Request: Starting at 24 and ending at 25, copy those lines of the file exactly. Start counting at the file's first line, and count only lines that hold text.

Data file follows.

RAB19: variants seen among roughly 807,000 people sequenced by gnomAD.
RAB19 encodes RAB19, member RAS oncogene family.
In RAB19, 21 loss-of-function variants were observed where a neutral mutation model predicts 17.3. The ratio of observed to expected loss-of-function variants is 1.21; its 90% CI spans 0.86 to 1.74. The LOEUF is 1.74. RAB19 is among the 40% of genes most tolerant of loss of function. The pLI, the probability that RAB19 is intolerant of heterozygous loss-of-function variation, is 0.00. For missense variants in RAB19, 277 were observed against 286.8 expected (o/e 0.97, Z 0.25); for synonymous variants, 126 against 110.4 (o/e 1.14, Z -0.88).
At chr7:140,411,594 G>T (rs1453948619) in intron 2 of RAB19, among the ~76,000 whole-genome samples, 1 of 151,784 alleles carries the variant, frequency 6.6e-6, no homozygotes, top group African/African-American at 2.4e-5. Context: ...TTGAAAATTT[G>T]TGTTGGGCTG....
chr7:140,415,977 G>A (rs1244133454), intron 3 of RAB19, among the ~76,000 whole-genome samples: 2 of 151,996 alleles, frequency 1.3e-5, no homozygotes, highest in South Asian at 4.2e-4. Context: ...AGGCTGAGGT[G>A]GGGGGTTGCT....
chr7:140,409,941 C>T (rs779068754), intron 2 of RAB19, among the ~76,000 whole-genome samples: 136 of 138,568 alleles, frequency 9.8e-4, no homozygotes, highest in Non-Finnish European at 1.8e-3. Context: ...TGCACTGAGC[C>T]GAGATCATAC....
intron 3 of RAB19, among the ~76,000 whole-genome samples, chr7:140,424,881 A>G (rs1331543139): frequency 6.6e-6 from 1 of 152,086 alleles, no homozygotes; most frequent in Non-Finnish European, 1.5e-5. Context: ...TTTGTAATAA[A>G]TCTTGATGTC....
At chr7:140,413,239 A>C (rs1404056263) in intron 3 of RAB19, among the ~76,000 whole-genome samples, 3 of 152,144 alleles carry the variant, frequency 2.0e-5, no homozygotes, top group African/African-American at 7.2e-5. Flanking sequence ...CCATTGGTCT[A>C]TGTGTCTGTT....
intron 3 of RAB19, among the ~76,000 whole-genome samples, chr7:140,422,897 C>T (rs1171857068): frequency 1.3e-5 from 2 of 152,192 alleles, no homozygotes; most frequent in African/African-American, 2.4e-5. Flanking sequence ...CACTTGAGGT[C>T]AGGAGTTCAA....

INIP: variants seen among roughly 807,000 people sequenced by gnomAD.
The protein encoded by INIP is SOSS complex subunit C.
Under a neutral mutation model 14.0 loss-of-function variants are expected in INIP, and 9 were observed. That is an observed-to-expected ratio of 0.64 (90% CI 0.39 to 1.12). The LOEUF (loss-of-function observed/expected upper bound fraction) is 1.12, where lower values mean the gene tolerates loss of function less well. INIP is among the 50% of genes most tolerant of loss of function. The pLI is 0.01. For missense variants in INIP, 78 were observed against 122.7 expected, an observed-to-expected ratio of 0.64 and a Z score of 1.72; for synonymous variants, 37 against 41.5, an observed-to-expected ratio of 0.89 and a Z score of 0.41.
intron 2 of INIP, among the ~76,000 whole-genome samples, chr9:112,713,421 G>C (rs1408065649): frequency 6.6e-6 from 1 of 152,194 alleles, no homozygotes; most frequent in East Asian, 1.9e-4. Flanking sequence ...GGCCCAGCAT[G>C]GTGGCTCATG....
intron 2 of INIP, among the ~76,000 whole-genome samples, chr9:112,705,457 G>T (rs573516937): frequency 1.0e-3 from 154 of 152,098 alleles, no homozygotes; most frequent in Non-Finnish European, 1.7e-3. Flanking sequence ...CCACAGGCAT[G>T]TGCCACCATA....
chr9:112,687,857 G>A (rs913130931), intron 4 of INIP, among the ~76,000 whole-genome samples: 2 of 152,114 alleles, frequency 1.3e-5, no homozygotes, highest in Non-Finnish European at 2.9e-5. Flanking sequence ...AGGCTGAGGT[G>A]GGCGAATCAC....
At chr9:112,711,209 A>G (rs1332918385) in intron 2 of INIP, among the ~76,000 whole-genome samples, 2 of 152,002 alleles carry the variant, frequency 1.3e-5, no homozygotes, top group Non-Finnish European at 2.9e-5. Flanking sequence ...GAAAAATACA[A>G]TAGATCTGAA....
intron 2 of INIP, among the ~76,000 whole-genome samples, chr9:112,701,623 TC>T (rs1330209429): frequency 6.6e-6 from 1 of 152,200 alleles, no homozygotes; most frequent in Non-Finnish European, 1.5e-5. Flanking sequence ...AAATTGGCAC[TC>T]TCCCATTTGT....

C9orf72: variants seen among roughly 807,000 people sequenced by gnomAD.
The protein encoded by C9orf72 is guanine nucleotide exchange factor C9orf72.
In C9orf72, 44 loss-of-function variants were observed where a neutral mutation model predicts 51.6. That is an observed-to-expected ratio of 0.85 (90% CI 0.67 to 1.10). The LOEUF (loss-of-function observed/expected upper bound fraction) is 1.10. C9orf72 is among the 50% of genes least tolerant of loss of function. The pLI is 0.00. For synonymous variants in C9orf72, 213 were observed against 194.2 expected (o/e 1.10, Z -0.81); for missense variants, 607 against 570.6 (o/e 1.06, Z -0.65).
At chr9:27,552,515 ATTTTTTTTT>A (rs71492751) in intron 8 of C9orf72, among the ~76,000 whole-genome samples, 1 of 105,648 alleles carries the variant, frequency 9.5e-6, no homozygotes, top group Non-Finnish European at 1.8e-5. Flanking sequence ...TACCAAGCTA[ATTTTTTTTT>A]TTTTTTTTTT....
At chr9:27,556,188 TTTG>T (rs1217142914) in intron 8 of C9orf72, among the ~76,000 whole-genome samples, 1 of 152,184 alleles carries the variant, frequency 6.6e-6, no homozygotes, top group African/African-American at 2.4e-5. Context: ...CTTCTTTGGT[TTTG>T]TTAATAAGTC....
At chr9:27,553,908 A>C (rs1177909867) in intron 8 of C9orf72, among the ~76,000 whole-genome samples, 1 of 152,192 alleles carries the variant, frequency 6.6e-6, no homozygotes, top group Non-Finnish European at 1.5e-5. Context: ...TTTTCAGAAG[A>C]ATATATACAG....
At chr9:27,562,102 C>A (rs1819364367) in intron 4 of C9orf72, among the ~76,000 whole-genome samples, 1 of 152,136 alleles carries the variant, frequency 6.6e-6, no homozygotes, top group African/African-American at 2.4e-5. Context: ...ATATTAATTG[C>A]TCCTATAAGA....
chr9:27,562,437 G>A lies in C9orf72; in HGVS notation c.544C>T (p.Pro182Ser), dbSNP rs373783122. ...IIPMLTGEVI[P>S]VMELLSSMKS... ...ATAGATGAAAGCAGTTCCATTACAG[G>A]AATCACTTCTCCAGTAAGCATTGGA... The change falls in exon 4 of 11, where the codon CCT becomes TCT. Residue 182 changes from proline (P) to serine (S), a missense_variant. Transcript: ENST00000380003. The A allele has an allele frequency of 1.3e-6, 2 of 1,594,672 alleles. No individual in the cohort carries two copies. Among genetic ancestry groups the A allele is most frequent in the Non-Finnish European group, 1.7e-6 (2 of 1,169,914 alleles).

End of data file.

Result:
At chr9:27,562,102 C>A (rs1819364367) in intron 4 of C9orf72, among the ~76,000 whole-genome samples, 1 of 152,136 alleles carries the variant, frequency 6.6e-6, no homozygotes, top group African/African-American at 2.4e-5. Context: ...ATATTAATTG[C>A]TCCTATAAGA....
chr9:27,562,437 G>A lies in C9orf72; in HGVS notation c.544C>T (p.Pro182Ser), dbSNP rs373783122. ...IIPMLTGEVI[P>S]VMELLSSMKS... ...ATAGATGAAAGCAGTTCCATTACAG[G>A]AATCACTTCTCCAGTAAGCATTGGA... The change falls in exon 4 of 11, where the codon CCT becomes TCT. Residue 182 changes from proline (P) to serine (S), a missense_variant. Transcript: ENST00000380003. The A allele has an allele frequency of 1.3e-6, 2 of 1,594,672 alleles. No individual in the cohort carries two copies. Among genetic ancestry groups the A allele is most frequent in the Non-Finnish European group, 1.7e-6 (2 of 1,169,914 alleles).